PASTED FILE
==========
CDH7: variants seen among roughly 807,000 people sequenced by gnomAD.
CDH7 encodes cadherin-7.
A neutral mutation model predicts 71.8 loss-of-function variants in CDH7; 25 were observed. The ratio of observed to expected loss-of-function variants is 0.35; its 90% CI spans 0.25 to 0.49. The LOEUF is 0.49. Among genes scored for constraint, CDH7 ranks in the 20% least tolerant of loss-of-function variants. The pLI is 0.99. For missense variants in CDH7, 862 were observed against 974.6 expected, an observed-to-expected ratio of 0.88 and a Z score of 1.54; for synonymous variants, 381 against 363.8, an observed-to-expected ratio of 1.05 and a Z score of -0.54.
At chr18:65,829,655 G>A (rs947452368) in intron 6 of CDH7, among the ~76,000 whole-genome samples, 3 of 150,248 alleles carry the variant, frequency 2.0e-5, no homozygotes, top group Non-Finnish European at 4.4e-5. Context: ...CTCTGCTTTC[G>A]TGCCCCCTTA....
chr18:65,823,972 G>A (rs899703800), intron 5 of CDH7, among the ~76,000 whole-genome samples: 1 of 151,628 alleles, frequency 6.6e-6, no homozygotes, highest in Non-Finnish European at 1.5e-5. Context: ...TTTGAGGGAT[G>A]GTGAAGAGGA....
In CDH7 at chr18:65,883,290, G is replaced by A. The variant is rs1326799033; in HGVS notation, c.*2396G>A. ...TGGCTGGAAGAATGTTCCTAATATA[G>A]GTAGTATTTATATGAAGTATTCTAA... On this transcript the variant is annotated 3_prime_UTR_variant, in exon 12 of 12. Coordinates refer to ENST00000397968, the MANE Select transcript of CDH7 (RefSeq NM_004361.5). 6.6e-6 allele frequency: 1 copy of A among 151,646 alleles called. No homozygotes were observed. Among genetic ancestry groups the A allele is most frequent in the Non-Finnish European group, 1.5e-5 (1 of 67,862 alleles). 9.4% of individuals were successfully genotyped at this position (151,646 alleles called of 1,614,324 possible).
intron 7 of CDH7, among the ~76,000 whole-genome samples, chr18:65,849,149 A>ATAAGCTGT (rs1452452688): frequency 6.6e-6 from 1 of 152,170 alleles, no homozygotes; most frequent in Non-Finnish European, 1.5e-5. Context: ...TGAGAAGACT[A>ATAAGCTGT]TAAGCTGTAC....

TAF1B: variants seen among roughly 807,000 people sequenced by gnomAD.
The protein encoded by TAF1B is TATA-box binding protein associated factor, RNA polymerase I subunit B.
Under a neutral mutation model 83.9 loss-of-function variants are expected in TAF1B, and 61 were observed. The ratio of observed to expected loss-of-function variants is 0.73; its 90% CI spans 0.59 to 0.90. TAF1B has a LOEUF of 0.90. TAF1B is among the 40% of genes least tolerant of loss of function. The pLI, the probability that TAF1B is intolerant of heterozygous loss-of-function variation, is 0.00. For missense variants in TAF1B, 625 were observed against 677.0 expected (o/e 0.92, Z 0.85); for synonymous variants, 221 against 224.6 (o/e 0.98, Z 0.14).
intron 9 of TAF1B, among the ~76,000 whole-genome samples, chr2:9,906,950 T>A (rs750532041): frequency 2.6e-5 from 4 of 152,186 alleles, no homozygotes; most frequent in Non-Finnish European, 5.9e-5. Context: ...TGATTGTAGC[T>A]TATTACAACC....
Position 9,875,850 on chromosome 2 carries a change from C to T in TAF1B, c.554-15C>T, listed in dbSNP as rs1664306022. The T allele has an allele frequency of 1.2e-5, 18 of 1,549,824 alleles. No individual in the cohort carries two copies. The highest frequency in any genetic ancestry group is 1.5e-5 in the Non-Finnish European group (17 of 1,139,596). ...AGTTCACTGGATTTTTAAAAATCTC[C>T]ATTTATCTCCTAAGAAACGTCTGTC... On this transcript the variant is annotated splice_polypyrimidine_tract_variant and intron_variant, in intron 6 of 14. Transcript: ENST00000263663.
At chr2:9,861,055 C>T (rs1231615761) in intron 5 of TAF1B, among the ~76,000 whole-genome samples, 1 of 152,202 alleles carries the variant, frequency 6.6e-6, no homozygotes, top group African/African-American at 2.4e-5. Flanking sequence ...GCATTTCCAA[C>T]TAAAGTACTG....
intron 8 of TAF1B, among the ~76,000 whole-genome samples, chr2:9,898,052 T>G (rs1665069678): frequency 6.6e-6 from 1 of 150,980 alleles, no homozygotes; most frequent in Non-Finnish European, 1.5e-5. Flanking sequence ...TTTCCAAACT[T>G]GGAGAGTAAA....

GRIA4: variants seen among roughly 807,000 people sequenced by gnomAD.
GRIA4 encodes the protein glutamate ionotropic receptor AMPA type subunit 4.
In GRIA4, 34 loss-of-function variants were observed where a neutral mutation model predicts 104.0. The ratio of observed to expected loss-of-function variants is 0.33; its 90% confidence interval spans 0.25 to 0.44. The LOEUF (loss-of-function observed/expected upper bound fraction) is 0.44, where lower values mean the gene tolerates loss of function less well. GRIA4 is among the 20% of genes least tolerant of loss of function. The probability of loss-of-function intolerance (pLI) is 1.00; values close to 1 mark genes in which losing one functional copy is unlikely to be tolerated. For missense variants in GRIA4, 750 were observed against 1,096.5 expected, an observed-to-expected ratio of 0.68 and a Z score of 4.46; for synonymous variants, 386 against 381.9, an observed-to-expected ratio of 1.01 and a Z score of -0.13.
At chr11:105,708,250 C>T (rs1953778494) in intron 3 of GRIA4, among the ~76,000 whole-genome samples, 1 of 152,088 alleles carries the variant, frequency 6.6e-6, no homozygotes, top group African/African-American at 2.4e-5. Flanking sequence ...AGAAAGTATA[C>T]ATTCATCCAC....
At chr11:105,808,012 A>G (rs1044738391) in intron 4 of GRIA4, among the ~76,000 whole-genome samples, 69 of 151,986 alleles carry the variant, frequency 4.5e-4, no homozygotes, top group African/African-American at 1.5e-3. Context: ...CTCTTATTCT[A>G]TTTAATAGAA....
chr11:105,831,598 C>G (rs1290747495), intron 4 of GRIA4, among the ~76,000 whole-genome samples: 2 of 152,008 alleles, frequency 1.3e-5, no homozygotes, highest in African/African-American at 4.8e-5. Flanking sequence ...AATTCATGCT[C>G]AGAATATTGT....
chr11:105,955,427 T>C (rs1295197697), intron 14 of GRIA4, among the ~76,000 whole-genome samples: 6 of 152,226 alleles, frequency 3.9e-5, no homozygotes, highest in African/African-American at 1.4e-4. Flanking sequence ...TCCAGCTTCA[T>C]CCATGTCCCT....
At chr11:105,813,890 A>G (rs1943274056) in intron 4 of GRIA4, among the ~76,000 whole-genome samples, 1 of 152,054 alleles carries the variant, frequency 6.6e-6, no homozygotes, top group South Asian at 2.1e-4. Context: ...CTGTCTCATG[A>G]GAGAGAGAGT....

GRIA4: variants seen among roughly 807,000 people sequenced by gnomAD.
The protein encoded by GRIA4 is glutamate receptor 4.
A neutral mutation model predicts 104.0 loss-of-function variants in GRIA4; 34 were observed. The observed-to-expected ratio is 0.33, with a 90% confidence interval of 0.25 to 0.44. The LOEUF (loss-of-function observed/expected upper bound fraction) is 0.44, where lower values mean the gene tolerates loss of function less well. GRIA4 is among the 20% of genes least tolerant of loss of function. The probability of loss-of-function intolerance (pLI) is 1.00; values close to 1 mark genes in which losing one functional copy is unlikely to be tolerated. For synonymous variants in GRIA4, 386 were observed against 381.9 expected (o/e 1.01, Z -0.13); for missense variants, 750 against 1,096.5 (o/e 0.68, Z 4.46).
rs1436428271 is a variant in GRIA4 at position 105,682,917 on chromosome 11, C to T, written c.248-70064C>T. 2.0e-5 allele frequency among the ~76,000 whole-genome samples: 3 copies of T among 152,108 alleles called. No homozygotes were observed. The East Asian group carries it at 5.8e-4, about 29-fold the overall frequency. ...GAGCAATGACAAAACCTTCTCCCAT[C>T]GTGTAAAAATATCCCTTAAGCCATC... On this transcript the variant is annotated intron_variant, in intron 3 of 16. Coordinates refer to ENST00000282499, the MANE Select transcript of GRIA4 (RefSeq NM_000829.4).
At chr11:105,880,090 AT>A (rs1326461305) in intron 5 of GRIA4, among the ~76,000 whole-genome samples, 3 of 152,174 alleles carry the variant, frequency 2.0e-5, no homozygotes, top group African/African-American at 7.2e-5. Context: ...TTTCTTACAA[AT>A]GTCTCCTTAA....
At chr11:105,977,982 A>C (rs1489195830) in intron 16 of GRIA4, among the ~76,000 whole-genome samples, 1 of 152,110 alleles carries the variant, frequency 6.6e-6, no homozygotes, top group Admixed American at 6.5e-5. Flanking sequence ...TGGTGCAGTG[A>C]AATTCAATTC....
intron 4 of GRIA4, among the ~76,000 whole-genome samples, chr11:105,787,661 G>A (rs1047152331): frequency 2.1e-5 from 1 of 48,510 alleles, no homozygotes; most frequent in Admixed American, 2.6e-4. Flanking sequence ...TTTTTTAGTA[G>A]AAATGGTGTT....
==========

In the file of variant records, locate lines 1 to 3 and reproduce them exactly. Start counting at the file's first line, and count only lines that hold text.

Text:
CDH7: variants seen among roughly 807,000 people sequenced by gnomAD.
CDH7 encodes cadherin-7.
A neutral mutation model predicts 71.8 loss-of-function variants in CDH7; 25 were observed. The ratio of observed to expected loss-of-function variants is 0.35; its 90% CI spans 0.25 to 0.49. The LOEUF is 0.49. Among genes scored for constraint, CDH7 ranks in the 20% least tolerant of loss-of-function variants. The pLI is 0.99. For missense variants in CDH7, 862 were observed against 974.6 expected, an observed-to-expected ratio of 0.88 and a Z score of 1.54; for synonymous variants, 381 against 363.8, an observed-to-expected ratio of 1.05 and a Z score of -0.54.